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Why Is Your Employee Engagement Program Not Working?

I am an associate content marketer for Springworks. I write about HR and some best practices organizations should consider.


Workplace engagement is not a one-time static thing. It requires new ideas and creativity every now and then. Some organizations even overlook the need for a good engagement program.

What they’re failing to understand is that workplace engagement creates an impact on the business as well. According to Gallup's Perspective Paper on Employee Engagement and Development, employee engagement affects key business outcomes and increases profitability by 21%.

Before we jump into facts and reasons, let’s first get a clear picture of what engagement is.

What is Employee Engagement?

As Forbes defines it, “Employee engagement is the emotional commitment the employee has to the organization and its goals.”

Engagement means instilling a sense of welcoming and ownership to the employees. When employees are effectively engaged within their organization, they care more about it. They are involved and focused on the well-being of the organization and to help it grow rather than just a monthly paycheck

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Why is your employee engagement program not working?

Here are some major reasons behind the failure of employee engagement programs:

  • Lack of ownership by the employees:

    When employees think that engagement is only “management’s job”, it is going in the wrong direction. Employees need to understand that it requires enough participation by them as well.

    When the management makes their share of attempts to better engage the employees, they need to be involved in the attempt. Their share of contribution is as important as the management’s.

  • Poor communication:

    Companies need to maintain transparency when it comes to communicating the goals and vision of the company. This makes the employees feel out of place and creates a gap between them and the company.

    To ensure clarity, communicate these goals to the employees and explain how each of them can help the company achieve those.

  • Lack of recognition:

    No matter how much you’re paying to your employees, if they do not feel valued and recognized within the company, they won’t stick beside the company. Every company needs to follow a proper recognition structure where the hard work of the employees is brought out in front of everyone.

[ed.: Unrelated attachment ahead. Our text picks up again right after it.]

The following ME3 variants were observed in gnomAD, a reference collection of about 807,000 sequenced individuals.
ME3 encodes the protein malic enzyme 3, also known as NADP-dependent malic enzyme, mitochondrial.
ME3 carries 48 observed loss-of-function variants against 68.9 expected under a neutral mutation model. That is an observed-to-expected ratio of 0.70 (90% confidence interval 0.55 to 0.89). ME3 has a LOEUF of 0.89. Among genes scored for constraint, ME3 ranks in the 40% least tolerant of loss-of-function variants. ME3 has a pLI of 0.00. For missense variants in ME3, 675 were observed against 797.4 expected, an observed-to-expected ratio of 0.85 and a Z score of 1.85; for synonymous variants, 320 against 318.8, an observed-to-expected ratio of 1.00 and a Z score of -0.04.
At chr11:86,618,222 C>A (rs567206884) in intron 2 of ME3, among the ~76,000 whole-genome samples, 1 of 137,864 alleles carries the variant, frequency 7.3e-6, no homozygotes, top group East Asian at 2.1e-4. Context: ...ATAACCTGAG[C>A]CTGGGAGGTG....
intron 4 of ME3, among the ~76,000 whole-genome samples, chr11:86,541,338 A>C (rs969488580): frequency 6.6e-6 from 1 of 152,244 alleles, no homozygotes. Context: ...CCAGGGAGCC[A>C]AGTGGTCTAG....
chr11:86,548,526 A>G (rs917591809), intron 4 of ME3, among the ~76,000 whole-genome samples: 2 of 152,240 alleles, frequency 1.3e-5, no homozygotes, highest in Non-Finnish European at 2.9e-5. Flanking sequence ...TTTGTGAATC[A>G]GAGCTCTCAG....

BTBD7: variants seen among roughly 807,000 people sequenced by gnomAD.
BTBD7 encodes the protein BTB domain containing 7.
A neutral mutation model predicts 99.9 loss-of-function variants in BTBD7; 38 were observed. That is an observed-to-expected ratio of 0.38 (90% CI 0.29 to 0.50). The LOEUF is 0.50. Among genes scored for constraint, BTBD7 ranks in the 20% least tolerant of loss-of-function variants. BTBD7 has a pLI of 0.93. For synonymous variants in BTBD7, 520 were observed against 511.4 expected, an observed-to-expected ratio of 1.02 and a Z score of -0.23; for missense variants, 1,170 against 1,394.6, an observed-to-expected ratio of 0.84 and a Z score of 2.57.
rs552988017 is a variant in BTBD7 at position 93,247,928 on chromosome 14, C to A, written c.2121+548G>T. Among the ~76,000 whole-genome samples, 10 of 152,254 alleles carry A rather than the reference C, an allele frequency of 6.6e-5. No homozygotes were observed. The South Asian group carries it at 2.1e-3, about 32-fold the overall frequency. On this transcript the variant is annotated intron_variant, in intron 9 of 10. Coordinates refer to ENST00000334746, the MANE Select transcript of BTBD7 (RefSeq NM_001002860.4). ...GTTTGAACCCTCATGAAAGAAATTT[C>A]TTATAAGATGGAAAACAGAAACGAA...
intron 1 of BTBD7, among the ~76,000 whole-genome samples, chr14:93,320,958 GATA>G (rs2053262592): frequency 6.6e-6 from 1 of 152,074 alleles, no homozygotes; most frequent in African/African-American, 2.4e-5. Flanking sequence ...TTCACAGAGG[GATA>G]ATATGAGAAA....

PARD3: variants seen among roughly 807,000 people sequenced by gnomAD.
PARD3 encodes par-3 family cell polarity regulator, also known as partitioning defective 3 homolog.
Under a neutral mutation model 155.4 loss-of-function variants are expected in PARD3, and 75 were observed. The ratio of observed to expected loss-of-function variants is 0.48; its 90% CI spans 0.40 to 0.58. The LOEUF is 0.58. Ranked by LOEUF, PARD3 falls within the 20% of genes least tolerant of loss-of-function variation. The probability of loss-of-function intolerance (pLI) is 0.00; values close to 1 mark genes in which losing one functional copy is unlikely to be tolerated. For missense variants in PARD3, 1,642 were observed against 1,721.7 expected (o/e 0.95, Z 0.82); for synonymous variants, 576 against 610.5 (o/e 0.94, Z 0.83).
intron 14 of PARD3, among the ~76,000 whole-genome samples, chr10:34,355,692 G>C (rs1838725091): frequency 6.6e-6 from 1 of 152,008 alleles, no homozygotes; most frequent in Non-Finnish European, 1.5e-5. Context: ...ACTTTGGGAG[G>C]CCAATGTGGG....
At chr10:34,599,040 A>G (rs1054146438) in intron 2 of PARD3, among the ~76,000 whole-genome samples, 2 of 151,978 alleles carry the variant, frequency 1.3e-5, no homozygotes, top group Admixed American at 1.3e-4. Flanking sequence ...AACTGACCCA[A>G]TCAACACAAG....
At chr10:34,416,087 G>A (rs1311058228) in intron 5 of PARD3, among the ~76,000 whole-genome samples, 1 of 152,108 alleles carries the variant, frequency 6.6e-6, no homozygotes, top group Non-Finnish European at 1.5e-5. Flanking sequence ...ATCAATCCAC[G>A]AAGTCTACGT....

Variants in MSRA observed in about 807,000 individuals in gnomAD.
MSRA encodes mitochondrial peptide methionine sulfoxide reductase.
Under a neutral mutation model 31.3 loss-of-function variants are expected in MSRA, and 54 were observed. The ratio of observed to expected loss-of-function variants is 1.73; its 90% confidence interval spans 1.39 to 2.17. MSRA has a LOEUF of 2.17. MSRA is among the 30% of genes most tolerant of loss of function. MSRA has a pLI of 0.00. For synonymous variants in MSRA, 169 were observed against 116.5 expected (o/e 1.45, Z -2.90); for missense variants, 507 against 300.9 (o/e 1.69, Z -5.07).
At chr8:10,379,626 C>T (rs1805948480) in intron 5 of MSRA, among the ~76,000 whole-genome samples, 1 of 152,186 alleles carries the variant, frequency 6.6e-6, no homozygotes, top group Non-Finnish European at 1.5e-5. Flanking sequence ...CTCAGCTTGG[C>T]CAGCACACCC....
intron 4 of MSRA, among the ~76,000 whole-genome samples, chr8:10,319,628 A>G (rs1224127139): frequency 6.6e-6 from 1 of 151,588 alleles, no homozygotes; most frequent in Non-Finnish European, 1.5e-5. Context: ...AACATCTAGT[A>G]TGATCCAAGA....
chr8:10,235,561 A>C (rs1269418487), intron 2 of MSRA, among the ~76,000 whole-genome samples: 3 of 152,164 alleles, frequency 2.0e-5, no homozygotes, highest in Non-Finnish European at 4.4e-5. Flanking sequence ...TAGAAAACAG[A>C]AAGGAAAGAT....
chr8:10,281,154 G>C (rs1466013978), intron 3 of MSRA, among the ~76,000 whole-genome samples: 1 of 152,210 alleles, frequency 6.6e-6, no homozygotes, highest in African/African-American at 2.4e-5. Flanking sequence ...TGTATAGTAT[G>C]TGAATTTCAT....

This can be either monetary or non-monetary. Eventually, serving the purpose is what is important.

  • Bringing out the core values of a company:

    The organization’s core values showcase how they want to treat their employees- if they want to be an employee-centric organization or not. These values should have clarity amongst the management as well as the employees.

    This helps in understanding the key purpose that your engagement program needs to hold.

  • Lack of engagement in its true sense:

    Engagement is the genuine willingness to interact. Just mentioning the goals or targets is not enough. You need to come up with effective strategies, the challenges that might come in the way, and their solutions.

  • Pressure plans:

    When management sees the engagement dropping, the pressure leads to trying out hundreds of different strategies to see what’s effective.
    This, in turn, leads to more confusion and adds to the already cluttered engagement. These strategies are not effectively thought through and tend to be futile over a year. And, before you know, you are back in the same place again.

  • Static Approach: As mentioned above, engagement is a dynamic process. It is situational and depends on an individual basis.

    However, it is necessary to create a structure which considers a wider section of employees and is ever-changing. It requires creativity every now and then to cater to newer requirements. The program should be flexible to changes.

Some more tips and tricks:

  • Take regular feedback from your employees to analyze what is working out better for them. This always gives them a sense of value showcasing that their opinions matter.
  • Be a good listener and practice what you preach in front of your employees. They tend to follow their seniors and their practices.
  • Employees need to be accountable for employee engagement as well. This involves participation in engagement activities, taking initiatives, and finding new ways.
  • Better communication is the most basic yet the most important requirement for effective engagement.
  • Have an engaged management first. This will make it easier to coordinate and pass it on to the employees.

There are plenty of other challenges which can disrupt the effectiveness of your employee engagement programs. What you can do is identify those challenges and resolve them step by step logically. Rushing into multiple, futile ideas will only lead to a more negative impact. Identify the concerns your employees are facing and fix the entire strategy accordingly.

Companies often feel that engagement is all about employees. That is where they are wrong. Employee engagement is beneficial for both the employees as well as them.

An engaged employee feels more involved within the workplace. This naturally inspires them to give their best performance and contribute better towards the organization.

© 2022 Dhristi Shah

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